While Barrett, a former clerk for former Justice Antonin Scalia and a favorite of social conservatives, was widely expected to be the president’s pick, Trump still had even some of his own supporters on-edge waiting for a last-minute twist.
“There’s an X factor that always exists with President Trump — even the people closest to him don’t always know for certain,” said former White House press secretary Sean Spicer.
Trump tried to extend the suspense a little longer on Friday night, even as press releases were fired off from lawmakers and special interest groups praising or denouncing the decision.
“You're going to find out tomorrow” if it’s Barrett, he told reporters as reports of her expected nomination started proliferating. “I haven’t said it was her, but she is outstanding.”
One person close to the process said it felt like momentum was fading the longer the president waited to name his pick, and it was allowing Democrats to get a head start on playing offense.
With news of Trump’s decision already out, Saturday’s event in the Rose Garden of the White House will be more of a formality, serving as the official launch of an aggressive campaign by Republicans to get Barrett confirmed before the November election.
Republican lawmakers, Cabinet members and prominent conservative leaders have been invited to attend, along with Barrett’s family, who will be flying in from South Bend, Ind. A Catholic contingency is also expected, as Barrett, a graduate of the University of Notre Dame Law School, is deeply religious.
It was unusual for the White House to let the news leak, especially because the president relishes the opportunity to keep people guessing up until the very last minute. The element of surprise has been a hallmark of Trump’s presidency, from Supreme Court nominations to off-the-cuff invitations to meet with North Korea’s dictator, Kim Jong Un.
But the announcement of Trump’s third pick for the Supreme Court has been filled with less of the made-for-TV drama than there was for Justices Neil Gorsuch and Brett Kavanaugh.
With Gorsuch, Trump turned the decision making process into a guessing game spectacle, parading contenders to the White House. Reporters at one point went into a tizzy after one of the candidates was spotted driving to Washington, D.C. (who said he was simply meeting a friend). And with Kavanaugh, Trump initially stepped out to the East Room podium by himself, drawing out the drama of his decision until the moment he read Kavanaugh’s name.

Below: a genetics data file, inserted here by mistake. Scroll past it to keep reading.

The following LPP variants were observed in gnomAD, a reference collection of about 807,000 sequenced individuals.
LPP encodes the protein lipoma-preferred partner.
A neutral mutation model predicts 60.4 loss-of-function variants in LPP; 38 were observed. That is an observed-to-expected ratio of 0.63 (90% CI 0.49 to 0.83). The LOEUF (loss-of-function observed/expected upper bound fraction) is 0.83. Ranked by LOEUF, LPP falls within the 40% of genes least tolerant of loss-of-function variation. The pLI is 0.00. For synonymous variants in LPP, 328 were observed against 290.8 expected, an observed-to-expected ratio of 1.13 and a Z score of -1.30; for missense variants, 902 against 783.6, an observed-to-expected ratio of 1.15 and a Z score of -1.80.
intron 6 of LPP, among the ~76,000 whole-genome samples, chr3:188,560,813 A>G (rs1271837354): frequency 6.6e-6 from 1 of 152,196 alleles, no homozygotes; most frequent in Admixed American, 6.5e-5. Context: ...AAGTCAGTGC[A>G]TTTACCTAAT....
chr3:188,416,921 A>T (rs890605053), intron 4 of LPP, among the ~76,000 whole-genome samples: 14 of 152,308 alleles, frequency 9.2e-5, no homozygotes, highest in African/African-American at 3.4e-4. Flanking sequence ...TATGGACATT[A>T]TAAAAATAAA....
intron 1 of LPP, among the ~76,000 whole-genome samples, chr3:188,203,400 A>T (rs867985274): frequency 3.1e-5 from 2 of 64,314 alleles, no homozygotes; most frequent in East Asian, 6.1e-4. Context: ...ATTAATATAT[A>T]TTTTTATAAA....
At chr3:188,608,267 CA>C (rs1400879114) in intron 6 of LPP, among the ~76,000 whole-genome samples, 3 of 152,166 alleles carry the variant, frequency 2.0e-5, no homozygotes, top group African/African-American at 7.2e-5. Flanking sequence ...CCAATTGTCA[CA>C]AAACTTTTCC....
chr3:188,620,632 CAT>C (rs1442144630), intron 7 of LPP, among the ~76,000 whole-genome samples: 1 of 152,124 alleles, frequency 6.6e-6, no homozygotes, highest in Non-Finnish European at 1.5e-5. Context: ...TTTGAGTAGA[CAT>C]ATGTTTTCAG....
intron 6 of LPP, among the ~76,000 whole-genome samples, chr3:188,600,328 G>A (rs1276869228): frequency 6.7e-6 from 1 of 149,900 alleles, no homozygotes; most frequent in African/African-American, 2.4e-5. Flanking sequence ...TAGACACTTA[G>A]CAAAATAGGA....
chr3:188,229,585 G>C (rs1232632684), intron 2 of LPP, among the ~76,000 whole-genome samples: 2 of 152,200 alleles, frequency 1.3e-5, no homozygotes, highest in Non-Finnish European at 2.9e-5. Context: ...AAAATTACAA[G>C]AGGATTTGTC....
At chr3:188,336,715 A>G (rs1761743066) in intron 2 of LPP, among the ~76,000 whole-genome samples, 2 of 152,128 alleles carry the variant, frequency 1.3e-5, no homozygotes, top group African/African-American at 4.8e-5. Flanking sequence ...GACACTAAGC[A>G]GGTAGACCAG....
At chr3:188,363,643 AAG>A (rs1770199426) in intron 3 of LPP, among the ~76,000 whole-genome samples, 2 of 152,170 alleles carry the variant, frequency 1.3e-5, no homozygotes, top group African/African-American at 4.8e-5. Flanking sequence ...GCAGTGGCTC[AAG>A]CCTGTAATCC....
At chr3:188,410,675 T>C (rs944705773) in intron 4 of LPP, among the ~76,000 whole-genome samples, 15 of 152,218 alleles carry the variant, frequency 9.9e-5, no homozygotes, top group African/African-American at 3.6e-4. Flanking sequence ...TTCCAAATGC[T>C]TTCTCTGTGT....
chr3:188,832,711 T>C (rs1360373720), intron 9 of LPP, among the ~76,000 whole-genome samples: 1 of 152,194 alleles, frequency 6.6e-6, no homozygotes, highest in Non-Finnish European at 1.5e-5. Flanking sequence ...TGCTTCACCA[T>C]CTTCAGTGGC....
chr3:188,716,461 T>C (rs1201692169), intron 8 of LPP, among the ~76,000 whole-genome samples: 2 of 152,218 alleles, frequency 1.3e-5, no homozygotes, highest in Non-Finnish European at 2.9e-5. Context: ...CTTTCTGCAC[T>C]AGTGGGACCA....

Still, the president found a way to keep up a little mystery as he deliberated this week. One person close to the White House argued there have been fewer leaks than normal about Trump’s conversations and meetings, a rare feat in a West Wing known for letting details spill out.
While Barrett was a clear frontrunner from the beginning, allies of the president began pushing for Barbara Lagoa, a judge from the must-win state of Florida. The president did not meet with Lagoa, although he traveled to the Sunshine State on Friday. His comments about interviewing candidates seemed to suggest he had made up his mind early on — he conceded during the week he had no current plans to meet with Lagoa.
Multiple people close to the president felt certain that in the end, Barrett would be chosen — especially after she impressed Trump when they met at the White House early in the week.
Saturday’s announcement is expected to have the usual television trappings of a Supreme Court announcement, with a packed audience in the Rose Garden and coverage from all the news networks. But its timing — 5:00 p.m. on a weekend — might not equate to primetime ratings for the president and his pick.
Trump, who is obsessed with TV ratings and has weekly numbers printed out for him by White House aides, has complained about Saturday being the “Death Valley in TV.”
The odd scheduling for his Supreme Court announcement — which in the past has occurred during weekday primetime hours — was dictated by the memorial service schedule for former Justice Ruth Bader Ginsburg, who died last week, and his looming debate on Tuesday with Democratic rival Joe Biden. Trump visited the Supreme Court on Thursday to pay respects to Ginsburg and a memorial service was held for the late justice in the U.S. Capitol on Friday.
The set up for the event on Saturday is expected to be similar to the announcements for Gorsuch and Kavanaugh, although held in a different location at the White House.
Behind the scenes, efforts are underway to prepare for the media frenzy that will swirl around Barrett. Statements and press releases touting Barrett as the pick were prepared in advance, and talking points were sent out to surrogates who might appear on television to talk about the Supreme Court nomination.
A former senior White House official said the key for Republicans is to stay “completely aligned,” especially in the Senate, which will vote on Barrett’s nomination.
“The public polling isn’t going to shift much, and fellow senators need to see each other out there driving the message and on the Sunday shows,” the former official said.
In the coming weeks, it is expected that Barrett will start doing mock hearings to prepare for her Senate hearing. In 2018, Kavanaugh had half a dozen prep sessions with people playing different Senators and went through piles of material to develop fluency on the judicial history around hot button issues.
It’s not expected that Barrett will have a sherpa to guide her through meetings on Capitol Hill with Senators, as Gorsuch and Kavanaugh did. While White House counsel Pat Cipollone was not around during the past two confirmation hearings, he developed close relationships with many senators through the impeachment hearings. Cipollone and White House chief of staff Mark Meadows will continue to lead the process, a White House official said.
With only 39 days until the election, the former official said, “every day matters now."